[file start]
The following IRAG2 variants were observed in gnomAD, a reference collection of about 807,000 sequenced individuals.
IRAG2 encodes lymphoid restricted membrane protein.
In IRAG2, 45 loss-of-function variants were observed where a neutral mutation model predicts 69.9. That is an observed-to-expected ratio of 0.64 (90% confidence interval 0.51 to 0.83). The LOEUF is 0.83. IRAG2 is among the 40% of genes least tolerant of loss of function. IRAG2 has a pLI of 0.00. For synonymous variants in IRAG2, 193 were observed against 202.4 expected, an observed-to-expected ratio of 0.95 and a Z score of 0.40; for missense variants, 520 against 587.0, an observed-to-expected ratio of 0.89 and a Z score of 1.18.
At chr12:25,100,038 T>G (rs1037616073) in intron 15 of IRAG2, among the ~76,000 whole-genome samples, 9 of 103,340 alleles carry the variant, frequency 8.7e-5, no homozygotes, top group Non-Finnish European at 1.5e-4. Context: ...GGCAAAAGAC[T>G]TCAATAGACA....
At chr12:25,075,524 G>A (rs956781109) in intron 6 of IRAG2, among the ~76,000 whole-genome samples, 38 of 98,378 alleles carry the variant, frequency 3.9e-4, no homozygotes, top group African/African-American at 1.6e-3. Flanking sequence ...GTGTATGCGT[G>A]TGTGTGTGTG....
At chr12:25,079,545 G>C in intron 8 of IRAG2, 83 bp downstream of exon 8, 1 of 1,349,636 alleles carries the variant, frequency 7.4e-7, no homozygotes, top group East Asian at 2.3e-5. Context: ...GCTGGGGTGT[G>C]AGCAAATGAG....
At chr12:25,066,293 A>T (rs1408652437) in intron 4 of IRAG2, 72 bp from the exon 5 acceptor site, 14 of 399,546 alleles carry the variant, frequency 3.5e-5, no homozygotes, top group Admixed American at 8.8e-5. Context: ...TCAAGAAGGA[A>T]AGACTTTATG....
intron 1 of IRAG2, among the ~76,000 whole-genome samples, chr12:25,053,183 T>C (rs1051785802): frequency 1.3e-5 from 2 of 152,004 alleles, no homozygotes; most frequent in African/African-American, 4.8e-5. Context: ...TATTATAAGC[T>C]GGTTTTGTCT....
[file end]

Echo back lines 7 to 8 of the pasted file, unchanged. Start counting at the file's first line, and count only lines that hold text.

At chr12:25,066,293 A>T (rs1408652437) in intron 4 of IRAG2, 72 bp from the exon 5 acceptor site, 14 of 399,546 alleles carry the variant, frequency 3.5e-5, no homozygotes, top group Admixed American at 8.8e-5. Context: ...TCAAGAAGGA[A>T]AGACTTTATG....
intron 1 of IRAG2, among the ~76,000 whole-genome samples, chr12:25,053,183 T>C (rs1051785802): frequency 1.3e-5 from 2 of 152,004 alleles, no homozygotes; most frequent in African/African-American, 4.8e-5. Context: ...TATTATAAGC[T>C]GGTTTTGTCT....